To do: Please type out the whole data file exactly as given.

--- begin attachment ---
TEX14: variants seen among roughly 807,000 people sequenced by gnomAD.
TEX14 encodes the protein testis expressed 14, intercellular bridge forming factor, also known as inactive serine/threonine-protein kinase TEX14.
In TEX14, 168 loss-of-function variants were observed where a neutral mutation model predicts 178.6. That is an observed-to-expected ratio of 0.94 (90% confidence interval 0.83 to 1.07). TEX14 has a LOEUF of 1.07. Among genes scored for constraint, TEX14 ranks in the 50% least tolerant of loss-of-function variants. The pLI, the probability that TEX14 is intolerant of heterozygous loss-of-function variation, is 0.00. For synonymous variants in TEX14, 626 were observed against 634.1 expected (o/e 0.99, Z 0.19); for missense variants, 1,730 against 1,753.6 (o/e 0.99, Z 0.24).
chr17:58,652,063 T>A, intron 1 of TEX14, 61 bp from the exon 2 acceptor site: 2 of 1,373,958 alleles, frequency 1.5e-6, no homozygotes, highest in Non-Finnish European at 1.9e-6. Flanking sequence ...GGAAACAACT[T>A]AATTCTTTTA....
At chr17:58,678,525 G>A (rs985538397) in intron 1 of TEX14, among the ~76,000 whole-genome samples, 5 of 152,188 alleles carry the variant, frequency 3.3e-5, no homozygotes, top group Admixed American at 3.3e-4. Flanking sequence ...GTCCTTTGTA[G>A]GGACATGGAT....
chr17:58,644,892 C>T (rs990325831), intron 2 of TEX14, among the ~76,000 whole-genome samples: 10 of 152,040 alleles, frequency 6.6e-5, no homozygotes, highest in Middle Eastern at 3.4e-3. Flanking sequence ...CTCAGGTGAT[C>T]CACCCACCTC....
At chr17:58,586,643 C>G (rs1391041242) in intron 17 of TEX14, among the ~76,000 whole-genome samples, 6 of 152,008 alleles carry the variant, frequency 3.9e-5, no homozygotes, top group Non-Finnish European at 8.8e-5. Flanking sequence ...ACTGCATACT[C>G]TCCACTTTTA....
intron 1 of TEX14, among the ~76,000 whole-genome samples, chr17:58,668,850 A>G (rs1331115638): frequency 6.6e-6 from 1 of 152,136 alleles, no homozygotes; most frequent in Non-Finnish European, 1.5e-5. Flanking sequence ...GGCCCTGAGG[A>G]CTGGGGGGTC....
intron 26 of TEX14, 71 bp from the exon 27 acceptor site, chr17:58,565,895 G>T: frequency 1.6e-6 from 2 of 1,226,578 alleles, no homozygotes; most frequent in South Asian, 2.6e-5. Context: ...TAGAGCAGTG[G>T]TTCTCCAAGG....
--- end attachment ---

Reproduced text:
TEX14: variants seen among roughly 807,000 people sequenced by gnomAD.
TEX14 encodes the protein testis expressed 14, intercellular bridge forming factor, also known as inactive serine/threonine-protein kinase TEX14.
In TEX14, 168 loss-of-function variants were observed where a neutral mutation model predicts 178.6. That is an observed-to-expected ratio of 0.94 (90% confidence interval 0.83 to 1.07). TEX14 has a LOEUF of 1.07. Among genes scored for constraint, TEX14 ranks in the 50% least tolerant of loss-of-function variants. The pLI, the probability that TEX14 is intolerant of heterozygous loss-of-function variation, is 0.00. For synonymous variants in TEX14, 626 were observed against 634.1 expected (o/e 0.99, Z 0.19); for missense variants, 1,730 against 1,753.6 (o/e 0.99, Z 0.24).
chr17:58,652,063 T>A, intron 1 of TEX14, 61 bp from the exon 2 acceptor site: 2 of 1,373,958 alleles, frequency 1.5e-6, no homozygotes, highest in Non-Finnish European at 1.9e-6. Flanking sequence ...GGAAACAACT[T>A]AATTCTTTTA....
At chr17:58,678,525 G>A (rs985538397) in intron 1 of TEX14, among the ~76,000 whole-genome samples, 5 of 152,188 alleles carry the variant, frequency 3.3e-5, no homozygotes, top group Admixed American at 3.3e-4. Flanking sequence ...GTCCTTTGTA[G>A]GGACATGGAT....
chr17:58,644,892 C>T (rs990325831), intron 2 of TEX14, among the ~76,000 whole-genome samples: 10 of 152,040 alleles, frequency 6.6e-5, no homozygotes, highest in Middle Eastern at 3.4e-3. Flanking sequence ...CTCAGGTGAT[C>T]CACCCACCTC....
At chr17:58,586,643 C>G (rs1391041242) in intron 17 of TEX14, among the ~76,000 whole-genome samples, 6 of 152,008 alleles carry the variant, frequency 3.9e-5, no homozygotes, top group Non-Finnish European at 8.8e-5. Flanking sequence ...ACTGCATACT[C>G]TCCACTTTTA....
intron 1 of TEX14, among the ~76,000 whole-genome samples, chr17:58,668,850 A>G (rs1331115638): frequency 6.6e-6 from 1 of 152,136 alleles, no homozygotes; most frequent in Non-Finnish European, 1.5e-5. Flanking sequence ...GGCCCTGAGG[A>G]CTGGGGGGTC....
intron 26 of TEX14, 71 bp from the exon 27 acceptor site, chr17:58,565,895 G>T: frequency 1.6e-6 from 2 of 1,226,578 alleles, no homozygotes; most frequent in South Asian, 2.6e-5. Context: ...TAGAGCAGTG[G>T]TTCTCCAAGG....